Finally, it is important to state the necessary actions when handling hazardous drugs in the hospital’s pharmacotherapeutic guide and in the guidelines for the administration of drugs via a nasogastric tube.
The actions taken suppose a decrease in the risk of occupational exposure in nursing staff, minimizing the handling of hazardous drugs with a consequent increase in safety.
On the other hand, these modifications have led to an increase in the Hospital Pharmacy’s workload regarding the updating of hospital guides, the increase in the number of compounded medications and the labelling work to identify the hazardous drugs.
Conflict of interests: The authors declare no conflict of interests.
- National Institute for Occupational Safety and Health (NIOSH). NIOSH alert: Preventing Occupational Exposures to Antineoplastic and Other Hazardous Drugs in Healthcare Settings [Internet] Cincinnati, September 2004. Available in: https://www.cdc.gov/niosh/docs/2004-165/.
- National Institute for Occupational Safety and Health (NIOSH). NIOSH list of antineoplastic and other hazardous drugs in healthcare settings 2010. [Internet] Cincinnati, September 2010. Available in: https://www. cdc.gov/niosh/docs/2010-167/pdfs/2010-167.pdf.
- National Institute for Occupational Safety and Health (NIOSH). NIOSH list of antineoplastic and other hazardous drugs in healthcare settings 2012. [Internet] Cincinnati, June 2012. Available in: https://www.cdc.gov/ niosh/docs/2012-150/pdfs/2012-150.pdf.
- National Institute for Occupational Safety and Health (NIOSH). NIOSH list of antineoplastic and other hazardous drugs in healthcare settings 2014. [Internet] Cincinnati, September 2014. Available in: https://www. cdc.gov/niosh/docs/2014-138/pdfs/2014-138.pdf.
- National Institute for Occupational Safety and Health (NIOSH). NIOSH list of antineoplastic and other hazardous drugs in healthcare settings 2016. [Internet] Cincinnati, September 2016. Available in: https://www. cdc.gov/niosh/topics/antineoplastic/pdf/hazardous-drugs-list_2016-161.pdf.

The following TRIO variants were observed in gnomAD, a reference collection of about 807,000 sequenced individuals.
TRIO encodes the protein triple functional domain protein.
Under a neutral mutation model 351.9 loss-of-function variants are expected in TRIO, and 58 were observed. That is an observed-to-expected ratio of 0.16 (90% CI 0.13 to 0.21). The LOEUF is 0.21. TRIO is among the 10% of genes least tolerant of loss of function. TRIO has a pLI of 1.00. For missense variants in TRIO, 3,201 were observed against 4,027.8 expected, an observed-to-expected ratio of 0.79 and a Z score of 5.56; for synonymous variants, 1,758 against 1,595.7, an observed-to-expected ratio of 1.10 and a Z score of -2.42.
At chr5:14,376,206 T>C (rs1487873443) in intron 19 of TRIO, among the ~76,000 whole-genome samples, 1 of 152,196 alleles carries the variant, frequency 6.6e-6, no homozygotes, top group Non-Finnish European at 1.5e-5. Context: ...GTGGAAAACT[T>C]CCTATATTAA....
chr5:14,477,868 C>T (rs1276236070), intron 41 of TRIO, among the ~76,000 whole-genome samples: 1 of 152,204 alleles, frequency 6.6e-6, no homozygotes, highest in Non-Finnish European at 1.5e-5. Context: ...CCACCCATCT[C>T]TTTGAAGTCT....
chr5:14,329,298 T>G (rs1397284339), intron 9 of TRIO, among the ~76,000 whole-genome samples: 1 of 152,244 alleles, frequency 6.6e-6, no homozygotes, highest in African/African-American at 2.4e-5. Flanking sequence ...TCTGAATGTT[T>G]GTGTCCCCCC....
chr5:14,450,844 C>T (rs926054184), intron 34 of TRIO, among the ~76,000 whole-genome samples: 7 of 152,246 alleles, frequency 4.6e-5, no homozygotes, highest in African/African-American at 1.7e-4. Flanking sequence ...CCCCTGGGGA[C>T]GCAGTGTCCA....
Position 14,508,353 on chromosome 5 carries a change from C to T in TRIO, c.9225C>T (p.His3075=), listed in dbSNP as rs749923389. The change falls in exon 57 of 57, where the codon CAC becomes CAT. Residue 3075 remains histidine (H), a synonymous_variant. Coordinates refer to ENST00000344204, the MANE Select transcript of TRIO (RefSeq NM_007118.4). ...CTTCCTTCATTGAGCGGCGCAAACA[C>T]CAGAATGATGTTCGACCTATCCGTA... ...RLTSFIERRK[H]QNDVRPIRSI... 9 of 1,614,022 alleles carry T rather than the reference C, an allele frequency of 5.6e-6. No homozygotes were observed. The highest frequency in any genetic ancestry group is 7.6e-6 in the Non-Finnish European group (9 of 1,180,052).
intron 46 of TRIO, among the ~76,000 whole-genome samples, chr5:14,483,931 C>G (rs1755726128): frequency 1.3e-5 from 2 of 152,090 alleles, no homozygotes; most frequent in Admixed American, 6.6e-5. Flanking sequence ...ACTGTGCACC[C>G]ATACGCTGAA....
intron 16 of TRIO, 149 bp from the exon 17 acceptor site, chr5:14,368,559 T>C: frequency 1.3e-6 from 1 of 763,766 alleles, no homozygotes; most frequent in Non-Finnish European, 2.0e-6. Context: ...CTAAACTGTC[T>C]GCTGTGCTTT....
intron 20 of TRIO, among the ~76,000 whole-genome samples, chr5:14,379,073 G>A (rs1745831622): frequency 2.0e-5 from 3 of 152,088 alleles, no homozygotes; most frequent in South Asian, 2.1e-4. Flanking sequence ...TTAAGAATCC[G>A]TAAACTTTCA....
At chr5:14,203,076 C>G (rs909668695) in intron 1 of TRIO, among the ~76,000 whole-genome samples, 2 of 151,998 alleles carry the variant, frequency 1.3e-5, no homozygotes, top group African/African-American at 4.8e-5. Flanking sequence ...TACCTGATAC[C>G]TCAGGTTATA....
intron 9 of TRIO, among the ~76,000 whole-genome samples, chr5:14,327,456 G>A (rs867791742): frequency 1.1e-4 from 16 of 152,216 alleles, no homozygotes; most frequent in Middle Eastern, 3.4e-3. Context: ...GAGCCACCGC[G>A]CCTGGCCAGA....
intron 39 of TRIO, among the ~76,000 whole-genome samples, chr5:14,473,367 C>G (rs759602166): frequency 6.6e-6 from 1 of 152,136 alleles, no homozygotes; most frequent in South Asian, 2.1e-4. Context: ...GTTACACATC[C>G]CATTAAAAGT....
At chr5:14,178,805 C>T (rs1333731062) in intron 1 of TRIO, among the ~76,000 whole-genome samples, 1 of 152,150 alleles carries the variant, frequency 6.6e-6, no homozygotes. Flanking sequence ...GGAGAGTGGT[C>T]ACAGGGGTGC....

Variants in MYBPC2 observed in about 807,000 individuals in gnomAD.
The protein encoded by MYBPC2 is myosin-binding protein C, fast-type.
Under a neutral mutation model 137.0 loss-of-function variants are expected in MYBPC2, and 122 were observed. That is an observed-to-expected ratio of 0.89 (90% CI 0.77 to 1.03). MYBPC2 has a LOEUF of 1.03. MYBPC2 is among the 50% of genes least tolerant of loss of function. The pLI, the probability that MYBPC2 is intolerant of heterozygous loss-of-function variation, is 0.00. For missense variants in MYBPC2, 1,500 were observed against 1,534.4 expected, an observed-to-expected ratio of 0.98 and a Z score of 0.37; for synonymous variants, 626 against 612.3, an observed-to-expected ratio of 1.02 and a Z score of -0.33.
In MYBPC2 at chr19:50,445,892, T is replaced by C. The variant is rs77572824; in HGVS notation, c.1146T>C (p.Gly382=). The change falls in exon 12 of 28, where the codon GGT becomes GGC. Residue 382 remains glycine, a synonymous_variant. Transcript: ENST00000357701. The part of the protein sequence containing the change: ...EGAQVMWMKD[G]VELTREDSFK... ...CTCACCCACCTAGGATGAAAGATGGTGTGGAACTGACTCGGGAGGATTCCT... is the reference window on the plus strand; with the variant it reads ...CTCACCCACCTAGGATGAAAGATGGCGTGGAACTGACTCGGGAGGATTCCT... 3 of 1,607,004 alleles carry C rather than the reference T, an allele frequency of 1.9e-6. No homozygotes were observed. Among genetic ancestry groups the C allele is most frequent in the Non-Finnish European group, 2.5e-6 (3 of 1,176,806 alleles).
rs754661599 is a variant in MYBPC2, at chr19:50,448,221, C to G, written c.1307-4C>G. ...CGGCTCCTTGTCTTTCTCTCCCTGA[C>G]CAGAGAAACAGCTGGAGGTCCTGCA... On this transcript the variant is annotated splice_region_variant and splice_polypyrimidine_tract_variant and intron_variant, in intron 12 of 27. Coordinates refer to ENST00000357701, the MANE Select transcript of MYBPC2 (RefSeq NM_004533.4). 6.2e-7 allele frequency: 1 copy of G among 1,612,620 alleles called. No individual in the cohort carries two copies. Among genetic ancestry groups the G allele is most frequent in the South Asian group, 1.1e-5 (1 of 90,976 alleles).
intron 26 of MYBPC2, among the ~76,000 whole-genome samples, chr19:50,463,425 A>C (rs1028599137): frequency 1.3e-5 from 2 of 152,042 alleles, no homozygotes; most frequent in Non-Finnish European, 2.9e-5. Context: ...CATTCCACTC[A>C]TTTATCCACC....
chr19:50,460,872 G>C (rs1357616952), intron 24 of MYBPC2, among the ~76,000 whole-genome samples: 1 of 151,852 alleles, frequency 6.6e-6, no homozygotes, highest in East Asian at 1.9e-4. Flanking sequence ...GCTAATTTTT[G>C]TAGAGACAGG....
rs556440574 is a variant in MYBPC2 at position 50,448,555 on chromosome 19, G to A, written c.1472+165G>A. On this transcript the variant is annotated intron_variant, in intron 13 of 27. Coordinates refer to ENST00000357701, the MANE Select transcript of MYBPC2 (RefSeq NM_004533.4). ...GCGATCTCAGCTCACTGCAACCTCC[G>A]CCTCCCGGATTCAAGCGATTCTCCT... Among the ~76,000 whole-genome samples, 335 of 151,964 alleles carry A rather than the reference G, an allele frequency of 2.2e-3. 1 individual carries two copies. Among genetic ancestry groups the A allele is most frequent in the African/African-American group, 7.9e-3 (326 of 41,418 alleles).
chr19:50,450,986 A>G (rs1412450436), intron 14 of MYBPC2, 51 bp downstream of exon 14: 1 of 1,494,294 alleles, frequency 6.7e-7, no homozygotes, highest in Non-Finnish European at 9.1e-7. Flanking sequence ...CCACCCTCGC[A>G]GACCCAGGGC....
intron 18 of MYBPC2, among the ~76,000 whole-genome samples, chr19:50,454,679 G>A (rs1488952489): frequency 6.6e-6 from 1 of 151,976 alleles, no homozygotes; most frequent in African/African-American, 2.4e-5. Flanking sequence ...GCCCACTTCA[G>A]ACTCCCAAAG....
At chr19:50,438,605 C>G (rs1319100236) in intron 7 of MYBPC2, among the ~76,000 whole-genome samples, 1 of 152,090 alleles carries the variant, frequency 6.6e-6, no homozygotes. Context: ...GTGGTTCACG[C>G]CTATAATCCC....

- Instituto Nacional de Seguridad e Higiene del Trabajo. NTP740: Exposición laboral a citostáticos en el ámbito sanitario. [Internet] Madrid, 2006. Available in: http:// www.insht.es/InshtWeb/Contenidos/Documentacion/FichasTecnicas/NTP/Ficheros/701a750/ntp_740.pdf.
- Instituto Nacional de Seguridad e Higiene del Trabajo. Medicamentos peligrosos: medidas de prevención para su preparación y administración. [Internet] Barcelona, September 2016. Available in: http://www. insht. es/InshtWeb/Contenidos/Documentacion/FICHAS%20DE%20PUBLICACIONES/EN%20CATALOGO/Higiene/2016%20medicamentos%20peligrosos/Medicamentos%20peligrosos.pdf.
- González-Haba Peña E, Manrique Rodríguez S, Herranz Alonso AM, Pérez Castán P, Moreno Gálvez M, Iglesias Peinado I, et al. Comparative study of preparation of hazardous drugs with different closed-system drug transfer devices by means of simulation with fluorescein. Farm Hosp. 2016;40(n06):496-503.
- García-Alcántara BG, Perelló-Palomar C, Moreno Centeno E, Modamio P, Mariño EL, Delgado Sánchez O. Impacto de las nuevas recomendaciones de manipulación de medicamentos peligrosos en un servicio de farmacia. Farm Hosp. 2017;41(2):257-269.
- Gaspar Carreño M, Achau Muñoz R, Torrico Martín F, Agún González JJ, Sánchez Santos JC, Cercos Lletí AC, Ramos Orozco P. Desarrollo de un procedimiento para el manejo seguro de medicamentos peligrosos. Farm Hosp. 2017;41(2):222-256.